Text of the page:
King’s outline, even for a large national union with a global reach, offers ideas that could be adapted to other kinds of unions – even to U.S. unions in the public sector coping with their own crises. Take this variation on one of King’s points:

Our union will join our governmental counterparts in our joint mission to render the highest quality and best value service for the public.

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Saturday, March 12, 2011

China moves ahead a bit, Wisconsin back a lot

As Wisconsin is stripping public employees of their collective bargaining rights, months of collective bargaining at a Honda parts plant in Guangdong between management and the local unit of the All-China Federation of Trade Unions won a substantial pay increase for workers on March 1.

According to “China Labor Bulletin,“ published in Hong Kong, the vice chairman of the Guangdong provincial labor federation became personally involved in the plant’s labor relations after a strike broke out there in May last year.

Although the union pressed hard for the worker demands, it left the workers on the sidelines, with 40 of them observing but not participating in the negotiations.

Han Dongfang, CLB director, commented: “Hopefully this will be the first step toward proper collective bargaining and that during the next round of bargaining, democratically-elected worker representatives will be allowed to conduct rather than just observe the negotiations.” Read more!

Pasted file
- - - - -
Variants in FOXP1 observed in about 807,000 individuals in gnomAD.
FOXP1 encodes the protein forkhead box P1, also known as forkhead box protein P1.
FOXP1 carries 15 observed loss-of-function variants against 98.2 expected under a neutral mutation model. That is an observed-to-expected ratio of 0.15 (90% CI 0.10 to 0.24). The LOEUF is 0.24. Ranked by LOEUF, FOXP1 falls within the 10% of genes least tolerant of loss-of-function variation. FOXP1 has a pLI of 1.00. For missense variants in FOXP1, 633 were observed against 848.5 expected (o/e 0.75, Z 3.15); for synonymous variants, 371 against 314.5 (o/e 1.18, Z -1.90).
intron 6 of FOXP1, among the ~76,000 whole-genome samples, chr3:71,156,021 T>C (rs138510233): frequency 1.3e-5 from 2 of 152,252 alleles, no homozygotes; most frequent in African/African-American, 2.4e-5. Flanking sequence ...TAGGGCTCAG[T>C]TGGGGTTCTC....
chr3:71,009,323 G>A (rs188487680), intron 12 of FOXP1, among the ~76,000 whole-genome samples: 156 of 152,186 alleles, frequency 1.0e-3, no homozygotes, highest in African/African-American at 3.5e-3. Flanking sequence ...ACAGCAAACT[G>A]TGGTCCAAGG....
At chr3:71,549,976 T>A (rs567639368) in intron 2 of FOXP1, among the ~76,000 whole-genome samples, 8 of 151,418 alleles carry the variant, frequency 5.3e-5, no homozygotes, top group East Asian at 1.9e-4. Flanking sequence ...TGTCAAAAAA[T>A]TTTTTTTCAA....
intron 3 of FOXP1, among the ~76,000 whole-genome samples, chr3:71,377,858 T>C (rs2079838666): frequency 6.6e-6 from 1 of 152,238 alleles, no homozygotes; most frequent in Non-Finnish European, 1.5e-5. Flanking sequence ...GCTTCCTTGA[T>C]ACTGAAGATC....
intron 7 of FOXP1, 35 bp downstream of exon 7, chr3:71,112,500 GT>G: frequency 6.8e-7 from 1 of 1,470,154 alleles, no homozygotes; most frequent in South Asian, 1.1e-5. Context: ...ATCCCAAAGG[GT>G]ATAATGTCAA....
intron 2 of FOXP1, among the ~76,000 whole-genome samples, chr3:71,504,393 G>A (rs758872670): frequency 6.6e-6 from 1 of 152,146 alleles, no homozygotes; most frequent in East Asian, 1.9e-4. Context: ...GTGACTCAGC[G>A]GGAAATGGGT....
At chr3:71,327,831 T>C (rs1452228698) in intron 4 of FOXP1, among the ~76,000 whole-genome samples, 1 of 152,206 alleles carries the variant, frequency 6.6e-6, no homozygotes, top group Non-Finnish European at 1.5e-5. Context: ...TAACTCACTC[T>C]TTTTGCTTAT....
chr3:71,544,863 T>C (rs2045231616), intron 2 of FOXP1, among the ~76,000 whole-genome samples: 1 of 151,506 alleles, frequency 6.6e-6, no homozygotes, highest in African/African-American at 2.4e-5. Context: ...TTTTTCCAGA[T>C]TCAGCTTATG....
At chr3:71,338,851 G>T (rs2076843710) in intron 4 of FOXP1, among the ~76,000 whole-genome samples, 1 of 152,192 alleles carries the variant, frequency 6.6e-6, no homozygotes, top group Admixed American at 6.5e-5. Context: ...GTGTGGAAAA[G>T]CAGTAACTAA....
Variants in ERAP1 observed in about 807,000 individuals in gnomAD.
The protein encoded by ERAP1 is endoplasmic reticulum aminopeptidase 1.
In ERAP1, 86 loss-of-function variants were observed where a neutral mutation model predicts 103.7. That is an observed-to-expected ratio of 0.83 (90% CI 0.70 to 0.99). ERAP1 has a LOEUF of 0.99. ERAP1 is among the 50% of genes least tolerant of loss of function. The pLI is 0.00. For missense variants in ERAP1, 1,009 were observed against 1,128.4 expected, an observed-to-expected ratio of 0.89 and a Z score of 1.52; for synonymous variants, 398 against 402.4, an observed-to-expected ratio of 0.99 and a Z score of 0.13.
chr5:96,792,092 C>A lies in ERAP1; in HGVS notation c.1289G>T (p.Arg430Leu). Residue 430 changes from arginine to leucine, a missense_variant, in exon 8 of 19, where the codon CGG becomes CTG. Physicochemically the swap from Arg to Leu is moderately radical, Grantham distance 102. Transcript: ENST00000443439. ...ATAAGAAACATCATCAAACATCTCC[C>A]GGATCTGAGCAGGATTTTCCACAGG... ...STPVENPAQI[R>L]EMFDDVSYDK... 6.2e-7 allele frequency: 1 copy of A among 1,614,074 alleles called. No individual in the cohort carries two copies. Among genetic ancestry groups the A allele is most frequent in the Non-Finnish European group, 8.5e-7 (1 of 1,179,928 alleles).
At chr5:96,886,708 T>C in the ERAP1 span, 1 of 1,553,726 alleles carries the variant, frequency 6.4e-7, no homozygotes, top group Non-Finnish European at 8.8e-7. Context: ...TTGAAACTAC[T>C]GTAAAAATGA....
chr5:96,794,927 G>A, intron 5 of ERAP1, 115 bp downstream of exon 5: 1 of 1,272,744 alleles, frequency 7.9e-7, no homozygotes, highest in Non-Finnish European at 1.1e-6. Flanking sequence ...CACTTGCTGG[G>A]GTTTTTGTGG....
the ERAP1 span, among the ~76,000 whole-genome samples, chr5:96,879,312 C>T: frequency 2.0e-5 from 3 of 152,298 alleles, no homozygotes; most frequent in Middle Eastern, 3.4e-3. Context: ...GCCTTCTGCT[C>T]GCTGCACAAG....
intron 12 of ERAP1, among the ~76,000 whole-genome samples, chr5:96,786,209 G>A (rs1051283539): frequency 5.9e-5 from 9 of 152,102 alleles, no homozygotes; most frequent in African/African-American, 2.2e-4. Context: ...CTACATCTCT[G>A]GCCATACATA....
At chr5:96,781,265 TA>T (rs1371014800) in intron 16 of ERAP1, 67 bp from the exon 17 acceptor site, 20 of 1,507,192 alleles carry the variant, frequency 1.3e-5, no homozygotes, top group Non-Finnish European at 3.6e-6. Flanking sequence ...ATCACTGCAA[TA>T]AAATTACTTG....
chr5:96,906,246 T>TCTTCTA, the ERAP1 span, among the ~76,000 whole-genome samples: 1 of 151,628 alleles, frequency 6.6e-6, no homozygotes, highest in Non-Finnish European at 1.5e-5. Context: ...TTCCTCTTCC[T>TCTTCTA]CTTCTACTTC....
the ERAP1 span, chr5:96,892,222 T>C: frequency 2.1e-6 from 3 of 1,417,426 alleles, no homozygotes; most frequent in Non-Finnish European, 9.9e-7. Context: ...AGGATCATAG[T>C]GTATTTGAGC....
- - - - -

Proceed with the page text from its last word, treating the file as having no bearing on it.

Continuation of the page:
Saturday, March 05, 2011

Family values devalued in U.S.

The United States lags far behind most countries in ensuring the wellbeing of its working families, Human Rights Watch says in a new report “Failing Its Families: Lack of Paid Leave and Work-Family Supports in the U.S.”

At least 178 countries have national laws that guarantee paid leave for new mothers, and more than 50 also guarantee paid leave for new fathers. More than 100 of those countries offer 14 or more weeks of paid leave for new mothers.

The federal Family and Medical Leave Act (FMLA) does enable workers with new children or family members with serious medical to take job-protected leave, but it is unpaid and covers only about half of the workforce.

The adoption of laws to enable workers around the world to meet work and family obligations has largely been in response to the massive growth in women’s participation in the labor force lover the last century. Even though women now are nearly half of the work force in the U.S., the federal and state governments have changed little to support the modern workforce.

As a result, says Janet Walsh, deputy women’s rights director at Human Rights Watch and author of the report, “Workers face grave health, financial, and career repercussions. U.S. employers miss productivity gains and turnover savings that these cost-effective policies generate in other countries.

Research for the 90-page report included interviews with 64 parents across the country.

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Tuesday, March 01, 2011

Public employees get public backing

The strategy of Wisconsin Governor Scott Walker to clamp down on public sector unions is not supported by most Americans, according to the latest New York Times/CBS News poll.

Key findings of the telephone poll, as reported in the Feb. 28 issue of the Times:

-- By a majority of nearly two to one (60% to 33%), Americans oppose weakening the collective bargaining rights of public employee unions.

-- By almost the same margin (56% to 35%), those surveyed also oppose cutting the pay or benefits of public employees to reduce benefits.

-- About 61% said they thought the salaries and benefits of most public employees were either “about right” or “too low” for the work they do. Print Page